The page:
Finland will be making drastic changes to an already successful education system. Why now? And will this model change the way other countries go about educating their children?
Despite having an education system that does not rely on standardized test scores, Finnish students perform extremely well on exams that are given to students all over the developed world.
The country, one of the leading educational hotspots in the world, is embarking on one of the most radical overhauls in modern education. By 2020, the country plans to phase out teaching individual subjects such as maths, chemistry and physics, and instead teach students by ‘topics’ or broad phenomena, so that there’s no more question about “what’s the point of learning this?”
What does that mean exactly? Basically, instead of having an hour of geography followed by an hour of history, students will now spend, say, two hours learning about the European Union, which covers languages, economics, history and geography. Or students who are taking a vocational course might study ‘cafeteria services’, which would involve learning maths, languages and communication skills, as Richard Garner reports for The Independent. So although students will still learn all the important scientific theories, they’ll be finding out about them in a more applied way, which actually sounds pretty awesome.
“What we need now is a different kind of education to prepare people for working life,” Pasi Silander, the Helsinki’s development manager, told Garner. “Young people use quite advanced computers. In the past the banks had lots of bank clerks totting up figures but now that has totally changed. We therefore have to make the changes in education that are necessary for industry and modern society.”
The new system also encourages different types of learning, such as interactive problem solving and collaborating among smaller groups, to help develop career-ready skills. “We really need a rethinking of education and a redesigning of our system, so it prepares our children for the future with the skills that are needed for today and tomorrow,” Marjo Kyllonen, Helsinki’s education manager, who is leading the change, told Garner.
“There are schools that are teaching in the old fashioned way which was of benefit in the beginnings of the 1900s – but the needs are not the same and we need something fit for the 21st century,” she added.
Individual subjects started being phased out for 16-year-olds in the country’s capital of Helsinki two years ago, and 70 percent of the city’s high school teachers are now trained in the new approach. Early data shows that students are already benefitting, with The Independent reporting that measurable pupil outcomes have improved since the new system was introduced. And Kyllonen’s blueprint, which will be published later this month, will propose that the new system is rolled out across Finland by 2020.
Of course, there is some backlash from teachers who’ve spent their entire career specialising in certain subjects. But the new blueprint suggests that teachers from different backgrounds work together to come up with the new ‘topic’ curriculum, and will receive a pay incentive for doing so.
It is a very competitive profession – all teachers hold Master’s degrees and are far better compensated than their American counterparts, according to the New Republic. Finnish teachers earn 102 percent of what their fellow university graduates make in salary, contrasted with the 65 percent pay American teachers receive compared to college graduates in other professions, according to the report.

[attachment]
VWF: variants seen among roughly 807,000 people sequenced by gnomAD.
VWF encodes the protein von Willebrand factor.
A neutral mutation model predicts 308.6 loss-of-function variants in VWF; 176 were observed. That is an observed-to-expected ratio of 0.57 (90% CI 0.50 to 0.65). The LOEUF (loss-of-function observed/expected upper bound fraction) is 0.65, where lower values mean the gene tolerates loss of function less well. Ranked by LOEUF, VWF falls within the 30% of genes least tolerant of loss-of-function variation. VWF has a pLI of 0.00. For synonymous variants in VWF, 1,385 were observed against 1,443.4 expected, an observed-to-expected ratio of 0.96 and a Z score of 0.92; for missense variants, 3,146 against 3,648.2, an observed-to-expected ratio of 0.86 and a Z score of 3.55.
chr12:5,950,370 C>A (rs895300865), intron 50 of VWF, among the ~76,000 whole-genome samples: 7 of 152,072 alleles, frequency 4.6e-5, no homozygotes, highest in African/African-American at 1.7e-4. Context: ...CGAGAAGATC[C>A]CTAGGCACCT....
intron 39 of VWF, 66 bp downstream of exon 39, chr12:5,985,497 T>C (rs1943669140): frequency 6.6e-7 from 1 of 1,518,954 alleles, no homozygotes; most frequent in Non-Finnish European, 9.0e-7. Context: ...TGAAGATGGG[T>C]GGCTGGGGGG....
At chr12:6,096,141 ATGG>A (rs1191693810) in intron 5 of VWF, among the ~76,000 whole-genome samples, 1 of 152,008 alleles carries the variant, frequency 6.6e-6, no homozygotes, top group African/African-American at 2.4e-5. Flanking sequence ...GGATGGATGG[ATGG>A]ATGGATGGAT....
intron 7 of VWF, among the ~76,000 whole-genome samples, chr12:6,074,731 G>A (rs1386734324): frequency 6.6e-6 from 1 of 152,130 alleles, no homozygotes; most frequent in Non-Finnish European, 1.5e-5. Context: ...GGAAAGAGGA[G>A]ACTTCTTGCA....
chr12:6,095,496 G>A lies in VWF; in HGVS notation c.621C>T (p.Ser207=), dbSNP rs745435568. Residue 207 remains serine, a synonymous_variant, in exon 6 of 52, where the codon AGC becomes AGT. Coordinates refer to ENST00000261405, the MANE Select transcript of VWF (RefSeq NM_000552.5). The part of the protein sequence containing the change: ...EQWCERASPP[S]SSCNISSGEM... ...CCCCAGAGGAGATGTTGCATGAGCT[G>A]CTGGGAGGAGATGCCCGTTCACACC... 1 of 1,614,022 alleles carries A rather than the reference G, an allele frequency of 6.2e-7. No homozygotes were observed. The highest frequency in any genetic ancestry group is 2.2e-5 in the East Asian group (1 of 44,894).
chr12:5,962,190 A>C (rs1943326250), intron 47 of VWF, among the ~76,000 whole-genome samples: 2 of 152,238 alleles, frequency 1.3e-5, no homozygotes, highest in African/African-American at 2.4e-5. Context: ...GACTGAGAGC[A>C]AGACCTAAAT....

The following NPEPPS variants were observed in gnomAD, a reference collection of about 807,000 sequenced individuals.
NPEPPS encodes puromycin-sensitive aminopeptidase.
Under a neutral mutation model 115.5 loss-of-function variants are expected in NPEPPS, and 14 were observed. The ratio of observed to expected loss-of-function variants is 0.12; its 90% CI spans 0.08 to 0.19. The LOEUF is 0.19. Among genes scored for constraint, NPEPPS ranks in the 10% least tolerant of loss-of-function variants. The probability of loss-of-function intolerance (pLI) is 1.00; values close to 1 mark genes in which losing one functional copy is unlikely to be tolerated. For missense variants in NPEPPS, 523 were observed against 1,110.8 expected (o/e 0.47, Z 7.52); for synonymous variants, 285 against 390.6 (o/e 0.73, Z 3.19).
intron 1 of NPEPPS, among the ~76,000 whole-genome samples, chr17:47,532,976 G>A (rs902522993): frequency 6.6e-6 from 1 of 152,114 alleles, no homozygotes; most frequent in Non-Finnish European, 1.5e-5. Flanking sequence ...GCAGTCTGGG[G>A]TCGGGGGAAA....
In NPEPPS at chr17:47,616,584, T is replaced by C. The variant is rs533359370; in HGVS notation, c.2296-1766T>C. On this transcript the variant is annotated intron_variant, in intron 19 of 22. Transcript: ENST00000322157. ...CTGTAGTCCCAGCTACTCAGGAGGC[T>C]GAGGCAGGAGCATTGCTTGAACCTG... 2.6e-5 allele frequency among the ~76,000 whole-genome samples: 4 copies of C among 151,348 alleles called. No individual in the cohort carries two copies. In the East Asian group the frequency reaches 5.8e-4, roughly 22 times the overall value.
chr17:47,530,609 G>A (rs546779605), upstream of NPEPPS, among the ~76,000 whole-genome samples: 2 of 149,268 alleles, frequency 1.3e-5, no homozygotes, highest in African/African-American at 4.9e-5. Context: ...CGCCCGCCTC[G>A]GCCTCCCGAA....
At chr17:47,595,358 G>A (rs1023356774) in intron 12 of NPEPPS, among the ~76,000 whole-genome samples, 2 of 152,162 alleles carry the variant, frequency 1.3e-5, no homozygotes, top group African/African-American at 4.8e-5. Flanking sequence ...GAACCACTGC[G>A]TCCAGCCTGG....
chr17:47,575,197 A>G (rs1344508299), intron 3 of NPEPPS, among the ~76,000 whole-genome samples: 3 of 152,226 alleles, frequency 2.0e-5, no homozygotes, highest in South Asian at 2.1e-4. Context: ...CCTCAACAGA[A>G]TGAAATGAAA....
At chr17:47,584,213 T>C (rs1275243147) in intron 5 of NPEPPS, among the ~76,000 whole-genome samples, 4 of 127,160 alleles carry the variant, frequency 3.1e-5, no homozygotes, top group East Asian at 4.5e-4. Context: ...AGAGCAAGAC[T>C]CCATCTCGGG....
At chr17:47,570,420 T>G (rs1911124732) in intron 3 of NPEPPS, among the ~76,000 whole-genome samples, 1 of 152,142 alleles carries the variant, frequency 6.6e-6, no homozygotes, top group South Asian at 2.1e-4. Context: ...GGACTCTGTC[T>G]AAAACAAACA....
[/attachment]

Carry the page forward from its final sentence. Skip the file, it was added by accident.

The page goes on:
Early signs indicate that this new method of education is benefiting student outcomes, The Independent reported. Helsinki schools are already devoting some time to this new style of learning, and current plans call for instituting this type of schooling across the country by 2020, according to the report.
Finland’s deviation on educational standards may come as a surprise to some – because Finland trails only Singapore and China in performance on the Program for International Student Assessment, a standardized test given to 15 year olds in 65 of the world’s most developed countries.
Finland has served as a model for other countries looking to improve their education systems. Teachers from the United Kingdom have made the trip to study and observe Finnish schools. And Americans who are pushing for educational reform often point to the Finns as a model that encourages students to play as they learn. Students in Finland get 15 minutes of recess in between lessons, and students are not administered standardized tests until they are in high school.
The idea of combining subjects to better facilitate learning is nearly a century old. American philosopher and educational reformer John Dewey thought that schooling should better reflect real life. This educational approach was attempted in American schools; once before World War II and again in the 1970’s with the “Open Classroom” movement, the Washington Post reported.
However, it was abandoned after it was found not to be compatible with an American public school model which expected students to have a certain level of knowledge to be able to move onto the next grade. Combining subjects in this fashion required teachers to have an extensive knowledge of all subjects they were teaching, and some teachers struggled to generate assignments that would placate to a wide range of students’ strengths and interests.
With the results looking positive in the early trial runs at Helsinki schools, Finland’s new education model looks to be succeeding where previous efforts to combine studies have failed. However, the success of this schooling method will ultimately come down on the country’s highly skilled teachers’ performance if phenomena learning is to become a tried and true means of education.
Source Credits: Alexander LaCasse in the Christian Science Monitor and Fiona MacDonald in Science Alert